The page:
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New Clause 6 — Secretary of State’s response to a section 65 regulator’s report on an NHS foundation trust

Part of Oral Answers to Questions — Treasury – in the House of Commons at 5:15 pm on 11th March 2014.

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Photo of Simon Burns Simon Burns Conservative, Chelmsford 5:15 pm, 11th March 2014

As always, my right hon. Friend anticipates what I am about to say and says it in a far more straightforward way. He is absolutely right to say that there will be exceptional circumstances; there has been one instance so far. In such circumstances, the health economy in a particular area will need to be looked at—not in isolation; that is impossible owing to the nature of patient flows and the delivery of care—in order to get to the bottom of the problem and solve it on the ground.

A number of hon. Members said that clause 119 was a vehicle for closing down hospitals or services while totally disregarding the wishes and needs of the local health economy and local people. I say to them with the greatest respect that they have—probably for genuine reasons—misunderstood the purpose of the TSA. I ask them to think again, because this is too important an issue to be politicised and used in a game of ping-pong between political parties, or groups within those parties, to try to score political points. Our sole aim must be to ensure the improvement and viability of services. Sometimes, tough decisions will have to be taken—because of changing patterns, or whatever—and in the overwhelming majority of cases, they will be taken through consultation and through the decision-making process in the local health economy.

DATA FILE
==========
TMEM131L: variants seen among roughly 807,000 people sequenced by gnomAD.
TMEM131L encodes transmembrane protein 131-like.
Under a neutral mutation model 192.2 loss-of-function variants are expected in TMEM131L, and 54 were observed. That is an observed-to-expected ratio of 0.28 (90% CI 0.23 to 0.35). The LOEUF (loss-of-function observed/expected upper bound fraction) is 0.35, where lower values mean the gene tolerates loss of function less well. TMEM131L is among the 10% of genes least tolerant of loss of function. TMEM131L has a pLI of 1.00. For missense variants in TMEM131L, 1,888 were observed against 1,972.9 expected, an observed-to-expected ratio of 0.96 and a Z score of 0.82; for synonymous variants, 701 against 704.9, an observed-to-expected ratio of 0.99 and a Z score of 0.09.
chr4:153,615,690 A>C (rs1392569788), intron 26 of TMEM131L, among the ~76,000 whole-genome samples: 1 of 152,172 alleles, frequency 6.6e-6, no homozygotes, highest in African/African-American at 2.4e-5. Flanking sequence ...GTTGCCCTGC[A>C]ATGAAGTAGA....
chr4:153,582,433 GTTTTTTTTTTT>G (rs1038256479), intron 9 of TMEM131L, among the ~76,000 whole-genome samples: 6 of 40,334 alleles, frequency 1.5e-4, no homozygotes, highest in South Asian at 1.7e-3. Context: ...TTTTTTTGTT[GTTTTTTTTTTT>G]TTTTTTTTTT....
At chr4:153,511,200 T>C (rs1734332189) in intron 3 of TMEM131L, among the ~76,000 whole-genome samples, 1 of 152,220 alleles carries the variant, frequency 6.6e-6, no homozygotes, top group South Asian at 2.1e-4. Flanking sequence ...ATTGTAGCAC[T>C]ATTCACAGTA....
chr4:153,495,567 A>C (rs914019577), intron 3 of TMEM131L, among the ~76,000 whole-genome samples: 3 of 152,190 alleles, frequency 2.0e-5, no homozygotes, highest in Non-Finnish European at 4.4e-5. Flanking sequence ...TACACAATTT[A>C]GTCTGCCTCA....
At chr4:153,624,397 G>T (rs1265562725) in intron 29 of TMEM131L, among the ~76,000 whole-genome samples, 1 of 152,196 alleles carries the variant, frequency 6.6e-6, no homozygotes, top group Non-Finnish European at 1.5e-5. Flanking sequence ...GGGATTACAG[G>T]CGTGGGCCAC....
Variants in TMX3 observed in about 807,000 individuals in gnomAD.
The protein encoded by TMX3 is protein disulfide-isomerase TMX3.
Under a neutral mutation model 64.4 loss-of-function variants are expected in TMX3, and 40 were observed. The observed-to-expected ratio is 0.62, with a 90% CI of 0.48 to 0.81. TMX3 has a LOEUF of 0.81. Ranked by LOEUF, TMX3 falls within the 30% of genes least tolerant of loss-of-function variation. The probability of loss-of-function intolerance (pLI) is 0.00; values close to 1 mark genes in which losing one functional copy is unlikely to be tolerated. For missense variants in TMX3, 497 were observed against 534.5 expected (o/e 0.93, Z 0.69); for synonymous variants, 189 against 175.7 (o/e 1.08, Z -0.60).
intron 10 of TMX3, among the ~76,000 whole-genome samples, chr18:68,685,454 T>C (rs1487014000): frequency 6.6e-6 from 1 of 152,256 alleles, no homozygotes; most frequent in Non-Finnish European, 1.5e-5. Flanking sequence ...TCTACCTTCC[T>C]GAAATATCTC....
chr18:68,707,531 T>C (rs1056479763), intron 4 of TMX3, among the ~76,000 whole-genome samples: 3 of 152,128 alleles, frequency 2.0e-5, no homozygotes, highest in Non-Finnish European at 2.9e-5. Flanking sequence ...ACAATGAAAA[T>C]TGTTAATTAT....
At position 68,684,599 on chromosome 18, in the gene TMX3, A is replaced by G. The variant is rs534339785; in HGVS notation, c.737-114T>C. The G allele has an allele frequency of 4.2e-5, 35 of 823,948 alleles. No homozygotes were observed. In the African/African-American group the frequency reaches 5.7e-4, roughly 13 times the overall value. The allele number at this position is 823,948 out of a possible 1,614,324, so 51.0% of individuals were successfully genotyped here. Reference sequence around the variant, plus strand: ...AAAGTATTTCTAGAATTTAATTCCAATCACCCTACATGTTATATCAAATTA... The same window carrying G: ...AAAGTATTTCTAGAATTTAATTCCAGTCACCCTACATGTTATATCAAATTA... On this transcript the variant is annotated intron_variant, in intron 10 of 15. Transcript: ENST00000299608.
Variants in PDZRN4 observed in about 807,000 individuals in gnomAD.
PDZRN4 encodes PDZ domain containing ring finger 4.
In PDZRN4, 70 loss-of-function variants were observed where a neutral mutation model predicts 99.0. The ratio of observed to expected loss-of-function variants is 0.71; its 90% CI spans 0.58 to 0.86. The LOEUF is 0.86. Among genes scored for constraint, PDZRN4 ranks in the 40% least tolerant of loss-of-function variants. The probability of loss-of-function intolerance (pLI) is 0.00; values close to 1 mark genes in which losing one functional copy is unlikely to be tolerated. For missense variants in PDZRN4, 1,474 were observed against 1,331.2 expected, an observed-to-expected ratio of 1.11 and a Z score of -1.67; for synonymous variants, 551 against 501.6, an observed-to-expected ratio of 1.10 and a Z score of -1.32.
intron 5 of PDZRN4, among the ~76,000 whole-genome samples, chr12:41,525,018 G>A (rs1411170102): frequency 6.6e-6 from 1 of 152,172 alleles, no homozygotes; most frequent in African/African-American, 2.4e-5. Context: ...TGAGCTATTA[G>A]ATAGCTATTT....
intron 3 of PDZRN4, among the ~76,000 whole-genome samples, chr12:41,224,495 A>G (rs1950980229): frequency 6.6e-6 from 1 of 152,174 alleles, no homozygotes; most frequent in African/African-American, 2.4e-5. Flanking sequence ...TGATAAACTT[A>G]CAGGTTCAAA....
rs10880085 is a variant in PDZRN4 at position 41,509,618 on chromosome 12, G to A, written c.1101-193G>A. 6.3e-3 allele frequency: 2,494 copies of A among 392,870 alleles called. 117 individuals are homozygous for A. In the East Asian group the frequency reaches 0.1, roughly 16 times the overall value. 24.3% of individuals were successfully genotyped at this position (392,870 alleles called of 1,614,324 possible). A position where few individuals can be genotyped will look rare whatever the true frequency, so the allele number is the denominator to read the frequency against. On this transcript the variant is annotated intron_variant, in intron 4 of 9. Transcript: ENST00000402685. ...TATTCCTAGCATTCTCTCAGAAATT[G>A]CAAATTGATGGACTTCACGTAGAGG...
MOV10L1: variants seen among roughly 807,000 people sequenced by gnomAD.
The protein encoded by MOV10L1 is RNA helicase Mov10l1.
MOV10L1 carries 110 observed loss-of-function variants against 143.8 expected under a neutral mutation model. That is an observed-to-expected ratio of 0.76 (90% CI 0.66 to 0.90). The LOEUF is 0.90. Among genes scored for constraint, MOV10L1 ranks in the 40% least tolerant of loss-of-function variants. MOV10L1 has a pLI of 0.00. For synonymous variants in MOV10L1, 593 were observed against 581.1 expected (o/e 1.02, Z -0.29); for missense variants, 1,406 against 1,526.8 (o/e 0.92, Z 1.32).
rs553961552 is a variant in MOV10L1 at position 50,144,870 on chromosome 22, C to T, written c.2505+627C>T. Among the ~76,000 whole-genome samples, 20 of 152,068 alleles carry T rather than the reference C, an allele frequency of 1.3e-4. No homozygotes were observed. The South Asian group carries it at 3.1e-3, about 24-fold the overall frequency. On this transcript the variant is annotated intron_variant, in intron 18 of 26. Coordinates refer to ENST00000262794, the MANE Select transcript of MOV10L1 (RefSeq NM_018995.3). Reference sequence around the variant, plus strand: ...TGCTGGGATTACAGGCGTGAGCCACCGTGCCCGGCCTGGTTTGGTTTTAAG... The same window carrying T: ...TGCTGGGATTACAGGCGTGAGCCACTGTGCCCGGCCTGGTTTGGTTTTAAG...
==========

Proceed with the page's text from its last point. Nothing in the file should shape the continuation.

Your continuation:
We have been talking about the power of the TSA. I must point out, in the friendliest and gentlest way, that that power was not introduced into the health service by this Government. It was done, I think I am right in saying, by the right hon. Member for Leigh’s predecessor, and he did it for very good reasons. He accepted, as my right hon. Friend Mr Dorrell, the Chair of the Select Committee, said in his intervention, that there will be rare occasions when everything else has failed and this measure of last resort must be used. It is viable and reasonable to have that power as a measure of last resort, as the previous Government obviously thought; otherwise, they would never have put it on the statute book in their legislation.